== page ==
Emmanuel Habimana was our 2012-2013 Roméo Dallaire Scholarship recipient. He notes that all of his involvement and interest in human rights comes from his experience as a genocide survivor and his need to reunite his community in peace. Most of his work has been “in counseling fellow survivors in unity and reconciliation, helping them with their basic needs, and providing education about genocide to the world.”
During secondary school, Emmanuel served as Vice-President of his school’s Unity and Reconciliation Club and assisted in organizing athletic and cultural events, as well as “conferences for my peers to discuss issues about ethnicity and the relationship that ethnicity in Rwanda had to the genocide.” He also held the position of President of the Umuhuza Youth Association in the Nyakabanda sector of Kigali. During this time, he helped to create English classes for fellow youth in his area, and he sponsored public forums about HIV/AIDS education and prevention.
Emmanuel later worked for the Interdisciplinary Genocide Studies Center summer program. The purpose of this program is to bring groups of international college students and teachers to Rwanda every summer to do field studies on the 1994 genocide. He has worked with students and teachers from the United States, Russia, Australia, Canada, Nigeria, Burundi and the Democratic Republic of Congo.
Since 2010, while enrolled as a student in Kigali Independent University, Emmanuel has been co-directing a documentary about the children who were orphaned by the genocide in Rwanda called Komora: to heal. It is being funded by two grants from National Geographic Society and sponsored by an organization called Education for the World. In this documentary he personally interviews senator Romeo Dallaire, who was the chief commander of UNAMIR in Rwanda during the 1994 genocide and in whose name the Lewis& Clark College Dallaire Scholarship is named.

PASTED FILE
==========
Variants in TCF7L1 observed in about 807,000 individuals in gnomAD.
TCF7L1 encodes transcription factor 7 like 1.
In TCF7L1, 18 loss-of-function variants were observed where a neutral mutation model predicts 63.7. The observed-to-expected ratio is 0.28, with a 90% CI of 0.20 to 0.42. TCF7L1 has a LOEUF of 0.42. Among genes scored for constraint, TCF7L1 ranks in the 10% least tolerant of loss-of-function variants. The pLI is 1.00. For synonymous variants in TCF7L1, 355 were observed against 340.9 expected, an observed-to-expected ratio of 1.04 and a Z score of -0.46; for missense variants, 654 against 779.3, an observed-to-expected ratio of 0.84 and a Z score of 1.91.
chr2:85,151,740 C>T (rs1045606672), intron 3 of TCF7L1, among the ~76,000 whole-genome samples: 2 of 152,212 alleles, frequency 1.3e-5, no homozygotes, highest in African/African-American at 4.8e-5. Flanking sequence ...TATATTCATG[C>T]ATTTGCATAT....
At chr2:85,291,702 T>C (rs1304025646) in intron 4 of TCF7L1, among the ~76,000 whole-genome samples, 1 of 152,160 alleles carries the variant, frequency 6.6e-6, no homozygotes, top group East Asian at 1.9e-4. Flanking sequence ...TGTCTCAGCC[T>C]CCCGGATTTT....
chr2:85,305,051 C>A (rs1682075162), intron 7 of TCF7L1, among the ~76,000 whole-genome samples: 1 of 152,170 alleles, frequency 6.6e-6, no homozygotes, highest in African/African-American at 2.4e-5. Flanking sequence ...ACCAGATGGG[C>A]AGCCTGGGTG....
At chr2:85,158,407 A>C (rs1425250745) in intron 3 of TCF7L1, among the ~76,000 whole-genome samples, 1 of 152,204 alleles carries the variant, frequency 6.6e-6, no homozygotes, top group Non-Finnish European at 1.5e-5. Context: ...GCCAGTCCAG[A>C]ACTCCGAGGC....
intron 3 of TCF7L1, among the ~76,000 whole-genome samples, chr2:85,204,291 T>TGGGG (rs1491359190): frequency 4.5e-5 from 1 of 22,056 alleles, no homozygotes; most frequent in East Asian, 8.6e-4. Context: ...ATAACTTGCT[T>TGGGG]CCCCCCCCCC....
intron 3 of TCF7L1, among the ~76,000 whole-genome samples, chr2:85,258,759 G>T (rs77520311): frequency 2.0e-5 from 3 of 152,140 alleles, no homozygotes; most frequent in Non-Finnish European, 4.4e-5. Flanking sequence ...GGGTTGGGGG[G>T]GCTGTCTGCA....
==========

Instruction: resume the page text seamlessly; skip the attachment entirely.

A message from Emmanuel:
Sometimes as survivors we feel misunderstood by our fellow Rwandans and the outside world. I contribute to my society by doing projects that raise awareness about the issues we face and helping survivors feel understood and appreciated.”
After completing the Academic English Studies program at Lewis and Clark, I will apply what I’ve been studying by becoming a secondary school English teacher and a writer. Also, because I have been working on this documentary, I have developed an interest in journalism. This has given me the dream of applying for a grant to create a human rights magazine in Rwanda, teaching people through the magazine about peace, reconciliation and respect between ethnicities. I will also create a human rights English club at my university where I will apply what I have learned at Lewis and Clark. Lastly, I would like to write a book about my life surviving the genocide and making something of myself in the years after.
Update, May 2013: Before coming to L&C, the truth is that I had always assumed that it was almost always impossible to live with the people with whom you did not share the same ethnicity or race, or sometimes beliefs. This year I learned that, despite our differences - which should not be a factor at all - we have so much to learn from each other. I have learned that we have so much in common. Our race and ethnicities, skin color and many other differences are like many types of flowers in the garden. When you look at this garden you see the beauty, not the differences. You see many colors decorating the garden.
I have finally concluded that we are all the flowers of this planet. We are the beauty of humanity.
Komora: to heal
Thank you to all who attended the recent screenings of Komora: to heal. This film was co-directed by Dallaire scholar Emmanuel Habimana and his colleague, Natalia Ledford. For more information about the film, please visit the website.
Update, September 2015: Emmanuel continues to work on his Bachelor’s degree, and hopes to complete it next year.